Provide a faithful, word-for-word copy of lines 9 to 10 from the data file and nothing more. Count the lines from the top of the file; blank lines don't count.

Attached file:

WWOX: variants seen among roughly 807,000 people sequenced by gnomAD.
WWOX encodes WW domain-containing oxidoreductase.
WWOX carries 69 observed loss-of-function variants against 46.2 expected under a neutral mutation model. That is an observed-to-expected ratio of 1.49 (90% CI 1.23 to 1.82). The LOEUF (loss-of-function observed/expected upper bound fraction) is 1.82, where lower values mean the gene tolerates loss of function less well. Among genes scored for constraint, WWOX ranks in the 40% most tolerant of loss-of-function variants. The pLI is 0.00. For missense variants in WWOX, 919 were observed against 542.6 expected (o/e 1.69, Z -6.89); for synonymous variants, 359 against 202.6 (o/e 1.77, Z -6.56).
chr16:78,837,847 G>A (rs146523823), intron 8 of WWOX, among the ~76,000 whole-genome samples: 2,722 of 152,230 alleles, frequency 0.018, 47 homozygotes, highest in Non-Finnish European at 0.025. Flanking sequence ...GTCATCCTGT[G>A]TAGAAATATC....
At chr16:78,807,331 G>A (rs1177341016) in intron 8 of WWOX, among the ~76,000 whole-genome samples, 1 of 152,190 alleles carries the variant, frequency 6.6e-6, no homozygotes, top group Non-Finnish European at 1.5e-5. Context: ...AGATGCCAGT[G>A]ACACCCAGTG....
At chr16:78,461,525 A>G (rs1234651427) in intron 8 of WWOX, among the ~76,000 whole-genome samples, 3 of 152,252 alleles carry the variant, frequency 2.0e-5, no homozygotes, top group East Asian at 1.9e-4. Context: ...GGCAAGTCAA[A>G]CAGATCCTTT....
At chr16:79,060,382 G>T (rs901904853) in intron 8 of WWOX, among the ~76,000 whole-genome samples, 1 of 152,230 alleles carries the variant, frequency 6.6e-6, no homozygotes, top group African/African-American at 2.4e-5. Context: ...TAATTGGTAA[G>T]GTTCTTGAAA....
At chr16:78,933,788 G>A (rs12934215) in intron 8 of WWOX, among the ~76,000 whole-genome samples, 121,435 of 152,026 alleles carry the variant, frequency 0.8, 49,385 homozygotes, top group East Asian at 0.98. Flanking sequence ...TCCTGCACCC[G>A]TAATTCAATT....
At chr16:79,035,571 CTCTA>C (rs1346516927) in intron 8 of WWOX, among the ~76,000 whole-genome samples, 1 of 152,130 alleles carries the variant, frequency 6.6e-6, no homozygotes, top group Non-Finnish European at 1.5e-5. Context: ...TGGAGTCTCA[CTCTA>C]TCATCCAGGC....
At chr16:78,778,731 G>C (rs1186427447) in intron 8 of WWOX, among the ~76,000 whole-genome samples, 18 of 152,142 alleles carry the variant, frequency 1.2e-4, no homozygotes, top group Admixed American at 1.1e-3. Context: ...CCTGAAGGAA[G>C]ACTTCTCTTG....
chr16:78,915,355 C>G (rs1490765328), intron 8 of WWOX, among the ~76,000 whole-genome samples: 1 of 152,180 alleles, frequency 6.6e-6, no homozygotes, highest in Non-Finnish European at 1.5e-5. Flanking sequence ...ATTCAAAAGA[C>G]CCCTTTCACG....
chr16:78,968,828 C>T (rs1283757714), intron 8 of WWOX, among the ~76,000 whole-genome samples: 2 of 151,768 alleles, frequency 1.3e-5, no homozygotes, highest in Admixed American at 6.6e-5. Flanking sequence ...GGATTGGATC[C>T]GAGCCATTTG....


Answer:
At chr16:79,035,571 CTCTA>C (rs1346516927) in intron 8 of WWOX, among the ~76,000 whole-genome samples, 1 of 152,130 alleles carries the variant, frequency 6.6e-6, no homozygotes, top group Non-Finnish European at 1.5e-5. Context: ...TGGAGTCTCA[CTCTA>C]TCATCCAGGC....
At chr16:78,778,731 G>C (rs1186427447) in intron 8 of WWOX, among the ~76,000 whole-genome samples, 18 of 152,142 alleles carry the variant, frequency 1.2e-4, no homozygotes, top group Admixed American at 1.1e-3. Context: ...CCTGAAGGAA[G>C]ACTTCTCTTG....